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IT Architecture, Work

Fishing Lessons and I.T. Leadership

Chris Holsman wrote an article on I.T. Leadership traits for our internal newsletter. One part struck me as a lesson that has been hard for me to learn…

A third leadership trait I’ve cultivated is to fish where the fish are, not where they aren’t. This seems obvious but I find it astonishing how many of us (including me) spend much of our time pursuing objectives that don’t align with those of our organization or our customers.

This has a different variation for me as an Architect. For me, it is to fish where the fish are actually catchable. There are lots of projects or “improvements” that I see that are not attainable. The are out of reach for technical reasons (when we first started our SOA initiative many of our apps and the standards weren’t mature enough), for cultural reasons or budgetary reasons.

It has taken me several years to really learn to pick my fishing spots. I have had to learn to walk away from projects where I will have very little input or impact for a lot of effort needed. I have also had to let go of certain ideals because they need the organization to be more “mature” or “strategically aligned” or different in another way.

It is interestingly circular: I need to apply leadership to my own time. I need to figure out how to use my effort in a strategic way. I do this with projects and technologies – figure out how to use them strategically in enterprise. I guess I also had to learn how to do this to myself and my time.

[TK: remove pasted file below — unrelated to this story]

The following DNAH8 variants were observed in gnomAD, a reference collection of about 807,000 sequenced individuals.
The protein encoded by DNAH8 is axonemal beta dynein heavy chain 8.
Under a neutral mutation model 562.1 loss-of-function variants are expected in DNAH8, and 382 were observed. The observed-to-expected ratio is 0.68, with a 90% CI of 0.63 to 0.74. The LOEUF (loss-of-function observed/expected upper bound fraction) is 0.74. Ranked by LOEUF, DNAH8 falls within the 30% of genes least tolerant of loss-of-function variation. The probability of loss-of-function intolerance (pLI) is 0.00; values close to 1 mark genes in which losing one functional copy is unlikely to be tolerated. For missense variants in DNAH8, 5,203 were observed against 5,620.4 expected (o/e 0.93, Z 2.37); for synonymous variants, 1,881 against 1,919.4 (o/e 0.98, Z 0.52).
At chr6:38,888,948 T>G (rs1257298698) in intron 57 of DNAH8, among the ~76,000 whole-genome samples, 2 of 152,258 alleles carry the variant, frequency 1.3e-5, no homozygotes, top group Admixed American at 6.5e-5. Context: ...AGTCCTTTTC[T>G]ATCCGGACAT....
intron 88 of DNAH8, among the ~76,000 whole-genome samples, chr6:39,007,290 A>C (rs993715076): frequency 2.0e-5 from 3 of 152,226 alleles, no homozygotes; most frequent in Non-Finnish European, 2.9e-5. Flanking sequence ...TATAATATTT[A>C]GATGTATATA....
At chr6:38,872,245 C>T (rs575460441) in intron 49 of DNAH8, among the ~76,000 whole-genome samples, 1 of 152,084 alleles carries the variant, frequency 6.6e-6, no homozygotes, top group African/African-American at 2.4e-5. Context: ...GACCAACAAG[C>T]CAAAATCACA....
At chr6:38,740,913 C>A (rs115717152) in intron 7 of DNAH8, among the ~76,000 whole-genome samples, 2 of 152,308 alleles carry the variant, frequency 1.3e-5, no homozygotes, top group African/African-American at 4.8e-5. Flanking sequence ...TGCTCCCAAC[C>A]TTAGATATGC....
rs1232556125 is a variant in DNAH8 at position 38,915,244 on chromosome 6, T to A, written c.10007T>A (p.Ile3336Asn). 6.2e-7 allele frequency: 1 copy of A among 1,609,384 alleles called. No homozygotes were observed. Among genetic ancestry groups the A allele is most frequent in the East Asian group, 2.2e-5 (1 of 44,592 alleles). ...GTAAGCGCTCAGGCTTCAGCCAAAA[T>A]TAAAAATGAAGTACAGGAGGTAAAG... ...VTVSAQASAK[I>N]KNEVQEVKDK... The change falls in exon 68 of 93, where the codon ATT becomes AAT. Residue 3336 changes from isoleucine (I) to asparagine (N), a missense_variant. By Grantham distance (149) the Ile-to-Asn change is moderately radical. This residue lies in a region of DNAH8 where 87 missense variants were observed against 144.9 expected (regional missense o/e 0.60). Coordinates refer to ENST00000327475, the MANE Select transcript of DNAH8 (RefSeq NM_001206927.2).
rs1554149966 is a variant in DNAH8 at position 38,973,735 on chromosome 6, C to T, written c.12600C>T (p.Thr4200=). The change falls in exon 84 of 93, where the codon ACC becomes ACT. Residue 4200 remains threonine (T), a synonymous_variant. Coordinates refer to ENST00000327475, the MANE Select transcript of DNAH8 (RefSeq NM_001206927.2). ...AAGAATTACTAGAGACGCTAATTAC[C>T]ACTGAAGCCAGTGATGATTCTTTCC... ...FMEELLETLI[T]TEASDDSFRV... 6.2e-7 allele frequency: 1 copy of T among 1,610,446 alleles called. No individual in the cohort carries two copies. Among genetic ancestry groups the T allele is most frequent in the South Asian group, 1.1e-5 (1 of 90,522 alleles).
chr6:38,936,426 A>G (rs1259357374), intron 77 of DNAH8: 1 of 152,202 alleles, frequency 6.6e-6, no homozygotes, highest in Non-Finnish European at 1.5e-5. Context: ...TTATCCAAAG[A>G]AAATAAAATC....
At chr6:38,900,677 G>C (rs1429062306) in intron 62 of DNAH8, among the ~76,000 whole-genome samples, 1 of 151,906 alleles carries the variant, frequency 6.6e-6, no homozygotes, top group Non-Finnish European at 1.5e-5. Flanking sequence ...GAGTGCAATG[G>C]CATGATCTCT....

One of my first meetings with Chris when he took the Director of EIS position was to talk about the fact that I had 28 projects on my radar. I knew I could only really work on two or three and track two or three others. He was great about the issue and let me talk myself through it. I guess that was my first fishing lesson from Chris.

ADDENDUM:

I was talking my good friend Richard about this lesson. He also mentioned that you need to work with people you like and respect. When I think about the projects that I enjoy, it is because I also enjoy the people on the team. Those people I enjoy working with are those who are open-minded, creative, energetic, cheerful, collaborative and positive. These aspects also make them more open to creative solutions.

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About jimphelps

Chair, ITANA Enterprise Architect, Sr. IT Architect; UW-Madison

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